Clickteam Fusion 3 Hopes To Revolution Indie Game Development

Mar
19

Clickteam Fusion 3 Hopes To Revolution Indie Game Development [World Premiere]

Games have been my passion since I was very young and along with this passion came the spark of creativity – hoping that someday I would be able to develop my own video games. A piece of software from then little-known French software creation firm Clickteam called The Games Factory helped me explore the core concepts of game design. 16 years later, Clickteam is still around and their most current piece of engine technology, Clickteam Fusion 2.5 powers some of the most popular indie titles such as Five Nights at Freddy’s and The Escapists.

The next generation of Clickteam developers who grew up using Yves Lamouruex & Francis Poulain’s original engine technology are now taking the helm and preparing to user in their most ambitious development tool to date – Clickteam Fusion 3. While this product is still in a very early state -and isn’t expected to release for some time – Chris Carlson & Anders Riggelsen were more than happy to give BrokenJoysticks the world premire look at their next generation engine in the making.

Upon first inspection, to some, it might seem that the early version of Fusion 3 shown behind closed doors at GDC was simply a reskin of their older products. Don’t think that Clickteam is rested on their laurels, this just speaks volume to how well Lamouruex & Poulain’s vision of a syntax free programming environment still holds up today. Programming in Clickteam Fusion 3, previous products in the line, involves placing objects onto a “frame” (think of it like a powerpoint slide almost) and then coding the logic of your game using a special grid called the Event Editor. The truth is that Anders Riggelsen and his team are working hard to keep the spirit of the original Clickteam products intact while building a new engine from the ground up.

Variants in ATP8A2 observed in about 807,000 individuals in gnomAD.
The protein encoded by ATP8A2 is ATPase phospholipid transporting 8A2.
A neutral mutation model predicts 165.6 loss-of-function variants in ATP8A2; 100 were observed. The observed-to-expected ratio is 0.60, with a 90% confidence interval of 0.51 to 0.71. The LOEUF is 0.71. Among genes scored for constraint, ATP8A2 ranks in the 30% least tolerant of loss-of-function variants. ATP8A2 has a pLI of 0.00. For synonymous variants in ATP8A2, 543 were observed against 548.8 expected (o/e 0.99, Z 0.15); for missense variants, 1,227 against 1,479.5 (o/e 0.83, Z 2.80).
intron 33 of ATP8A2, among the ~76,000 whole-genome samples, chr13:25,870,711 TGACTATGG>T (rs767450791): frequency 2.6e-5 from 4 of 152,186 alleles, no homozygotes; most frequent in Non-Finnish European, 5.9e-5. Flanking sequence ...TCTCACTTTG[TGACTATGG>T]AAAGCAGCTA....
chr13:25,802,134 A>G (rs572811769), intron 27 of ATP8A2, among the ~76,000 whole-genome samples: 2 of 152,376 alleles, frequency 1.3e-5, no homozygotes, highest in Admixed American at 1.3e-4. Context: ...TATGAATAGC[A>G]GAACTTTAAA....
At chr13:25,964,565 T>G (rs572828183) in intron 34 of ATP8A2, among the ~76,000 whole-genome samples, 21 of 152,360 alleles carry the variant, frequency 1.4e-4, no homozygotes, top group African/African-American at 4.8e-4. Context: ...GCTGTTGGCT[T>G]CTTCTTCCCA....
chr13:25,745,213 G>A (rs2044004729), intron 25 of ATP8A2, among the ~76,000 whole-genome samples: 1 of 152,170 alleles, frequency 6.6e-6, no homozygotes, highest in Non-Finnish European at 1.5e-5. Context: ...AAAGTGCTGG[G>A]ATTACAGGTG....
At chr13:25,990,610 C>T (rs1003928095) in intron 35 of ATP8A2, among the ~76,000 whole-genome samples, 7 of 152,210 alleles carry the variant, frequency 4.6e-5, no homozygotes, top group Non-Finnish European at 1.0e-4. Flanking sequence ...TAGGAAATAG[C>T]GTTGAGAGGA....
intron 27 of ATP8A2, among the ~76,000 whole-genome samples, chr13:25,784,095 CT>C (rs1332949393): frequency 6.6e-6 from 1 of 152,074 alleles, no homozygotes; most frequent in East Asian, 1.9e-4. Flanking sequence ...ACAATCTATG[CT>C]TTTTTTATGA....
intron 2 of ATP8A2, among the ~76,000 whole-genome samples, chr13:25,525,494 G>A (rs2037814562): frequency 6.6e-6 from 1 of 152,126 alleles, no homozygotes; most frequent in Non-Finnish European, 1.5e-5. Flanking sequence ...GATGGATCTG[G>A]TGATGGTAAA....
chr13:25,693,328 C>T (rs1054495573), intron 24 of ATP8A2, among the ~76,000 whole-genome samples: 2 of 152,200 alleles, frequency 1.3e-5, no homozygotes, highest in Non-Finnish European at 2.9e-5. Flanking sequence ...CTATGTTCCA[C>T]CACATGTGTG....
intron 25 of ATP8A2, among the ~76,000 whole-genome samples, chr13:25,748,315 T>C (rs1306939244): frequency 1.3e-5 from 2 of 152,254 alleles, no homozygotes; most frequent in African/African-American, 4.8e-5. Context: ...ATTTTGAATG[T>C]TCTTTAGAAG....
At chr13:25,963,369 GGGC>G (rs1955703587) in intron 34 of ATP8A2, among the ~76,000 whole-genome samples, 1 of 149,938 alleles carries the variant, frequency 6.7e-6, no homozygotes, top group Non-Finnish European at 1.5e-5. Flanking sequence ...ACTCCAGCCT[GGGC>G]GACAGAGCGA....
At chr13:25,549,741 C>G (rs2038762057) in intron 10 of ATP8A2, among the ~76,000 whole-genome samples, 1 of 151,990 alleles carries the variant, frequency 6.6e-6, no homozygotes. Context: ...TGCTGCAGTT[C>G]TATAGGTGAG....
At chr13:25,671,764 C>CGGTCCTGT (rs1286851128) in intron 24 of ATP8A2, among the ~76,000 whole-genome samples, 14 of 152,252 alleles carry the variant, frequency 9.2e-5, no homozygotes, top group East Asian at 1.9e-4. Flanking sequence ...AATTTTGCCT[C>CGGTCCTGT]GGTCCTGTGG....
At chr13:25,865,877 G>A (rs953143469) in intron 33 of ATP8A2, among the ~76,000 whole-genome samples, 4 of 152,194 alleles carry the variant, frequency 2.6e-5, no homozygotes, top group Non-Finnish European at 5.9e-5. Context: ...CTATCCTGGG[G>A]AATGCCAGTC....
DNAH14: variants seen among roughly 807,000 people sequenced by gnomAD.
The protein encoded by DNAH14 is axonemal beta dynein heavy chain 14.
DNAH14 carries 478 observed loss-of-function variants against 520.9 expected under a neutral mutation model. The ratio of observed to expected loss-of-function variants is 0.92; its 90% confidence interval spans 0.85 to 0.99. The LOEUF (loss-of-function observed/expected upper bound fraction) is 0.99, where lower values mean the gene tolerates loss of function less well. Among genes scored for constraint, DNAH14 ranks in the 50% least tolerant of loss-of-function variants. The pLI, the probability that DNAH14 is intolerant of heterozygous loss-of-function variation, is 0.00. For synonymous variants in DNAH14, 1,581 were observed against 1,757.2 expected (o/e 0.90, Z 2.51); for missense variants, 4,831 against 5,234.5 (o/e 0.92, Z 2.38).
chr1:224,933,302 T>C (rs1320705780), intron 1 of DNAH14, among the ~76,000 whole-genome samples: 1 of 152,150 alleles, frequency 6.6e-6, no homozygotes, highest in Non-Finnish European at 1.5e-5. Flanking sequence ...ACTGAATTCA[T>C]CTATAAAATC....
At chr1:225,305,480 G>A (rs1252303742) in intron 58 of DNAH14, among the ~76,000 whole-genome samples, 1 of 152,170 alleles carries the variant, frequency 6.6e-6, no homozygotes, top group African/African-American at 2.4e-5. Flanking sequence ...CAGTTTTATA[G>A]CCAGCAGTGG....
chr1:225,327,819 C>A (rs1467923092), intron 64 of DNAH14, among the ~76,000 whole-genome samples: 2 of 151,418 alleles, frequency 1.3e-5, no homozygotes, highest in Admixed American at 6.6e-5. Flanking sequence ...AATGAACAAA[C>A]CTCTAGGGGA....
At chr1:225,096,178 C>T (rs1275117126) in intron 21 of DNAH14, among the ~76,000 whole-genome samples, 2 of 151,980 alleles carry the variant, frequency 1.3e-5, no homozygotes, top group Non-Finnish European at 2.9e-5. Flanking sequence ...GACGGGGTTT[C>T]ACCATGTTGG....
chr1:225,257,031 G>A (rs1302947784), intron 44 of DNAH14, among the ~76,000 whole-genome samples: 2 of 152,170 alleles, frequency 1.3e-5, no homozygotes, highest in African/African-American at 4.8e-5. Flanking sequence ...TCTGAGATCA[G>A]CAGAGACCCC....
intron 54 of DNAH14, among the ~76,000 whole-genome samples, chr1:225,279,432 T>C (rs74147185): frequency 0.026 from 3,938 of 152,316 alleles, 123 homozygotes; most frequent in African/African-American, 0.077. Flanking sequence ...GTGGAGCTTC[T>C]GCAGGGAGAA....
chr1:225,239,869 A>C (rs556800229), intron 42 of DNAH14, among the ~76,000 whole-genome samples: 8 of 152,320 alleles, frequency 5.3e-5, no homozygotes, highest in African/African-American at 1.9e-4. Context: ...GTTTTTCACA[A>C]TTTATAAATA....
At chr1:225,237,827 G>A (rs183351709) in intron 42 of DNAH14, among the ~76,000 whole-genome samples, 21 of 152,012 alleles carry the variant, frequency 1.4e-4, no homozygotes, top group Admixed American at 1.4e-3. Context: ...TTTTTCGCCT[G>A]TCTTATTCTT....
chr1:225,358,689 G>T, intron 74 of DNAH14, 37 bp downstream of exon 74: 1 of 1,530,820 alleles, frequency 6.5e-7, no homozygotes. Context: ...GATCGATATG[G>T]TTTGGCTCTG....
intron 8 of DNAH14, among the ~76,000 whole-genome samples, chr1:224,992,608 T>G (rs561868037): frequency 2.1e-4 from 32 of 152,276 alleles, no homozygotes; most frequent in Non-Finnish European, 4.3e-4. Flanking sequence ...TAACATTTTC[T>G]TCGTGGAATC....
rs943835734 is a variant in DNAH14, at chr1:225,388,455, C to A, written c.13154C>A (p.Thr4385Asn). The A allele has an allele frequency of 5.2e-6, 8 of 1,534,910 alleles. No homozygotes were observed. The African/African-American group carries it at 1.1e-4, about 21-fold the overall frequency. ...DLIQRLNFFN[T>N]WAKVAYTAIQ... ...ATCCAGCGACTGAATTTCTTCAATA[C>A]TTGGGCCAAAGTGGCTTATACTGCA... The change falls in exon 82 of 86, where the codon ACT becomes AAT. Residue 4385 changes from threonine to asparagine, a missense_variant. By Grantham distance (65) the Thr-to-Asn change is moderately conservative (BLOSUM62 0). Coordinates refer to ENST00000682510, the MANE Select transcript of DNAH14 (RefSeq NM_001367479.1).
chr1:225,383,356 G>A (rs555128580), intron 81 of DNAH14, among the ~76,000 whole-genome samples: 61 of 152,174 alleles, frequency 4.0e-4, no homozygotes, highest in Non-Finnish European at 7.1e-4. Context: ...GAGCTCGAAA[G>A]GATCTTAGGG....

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Key Features of Clickteam Fusion 3

Written From Scratch – CT Fusion 3 is built from the ground up for modern 64-bit architecture and mobile technologies without relying on code from previous versions of CT Fusion (Multimedia Fusion 2 / Clickteam Fusion 2.5 & previous.)

Export C Code & Populate C In Real Time – Users are able to export their product from Fusion 3’s visual interface to C code at the press of a button. Impressively the new development environment also supports the ability to populate C code as you work.

Modular Design – Power users are able to develop new editors, tools and extensions directly from within Fusion 3 without the need for writing extensions in other IDE environments. Essentially this means that you can code new functions and behaviours into Fusion 3 within fusions itself.

Animation Enhancements – In older versions of Clickteam Fusion it was common for users to have to duplicate animation frames if they wanted to extend the time span of an animation. Fusion 3 introduces a new multiplier system user have greater control over the speed of their animations without the need for duplicate frames. `

Multiplatform Support – Project development is possible across multiple platforms. In theory you can export a Windows Executable from OSX while using the development environment on a Mac, exporting a project to an executable state is still under development but editing a project on the operating system of your choice is definitely possible.

Run Your Games On A Mobile Device At The Click of a Button – When using Fusion 3 on a MacBook you are able to run your game on an iPhone attached to your machine at the press of a button.

There is still no release window for Clickteam Fusion 3 at this time and certainly the dedicated community that has rallied around CT are frothing for more information. I am happy to bring to you an extended interview about Clickteam Fusion 3 with both Chris & Anders as well as the first footage of Clickteam Fusion 3 to be shown to the public.

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Clickteam’s old slogan was “Creative Tools For A Creative Age”, with the rise of indies and this ambitious new rewritten engine that slogan still rings true today!

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About Rae Michelle Richards

As a founding member of Broken Joysticks and Editor In Chief her duties include planning editorial content, writing news posts and managing the team of misfits known as BroJo. Outside of Broken Joysticks she is a transgender rights advocate and university student studying psychology. She can be contacted at RaeLangdon[At]Brokenjoysticks.net, or followed on twitter @Kitsune86

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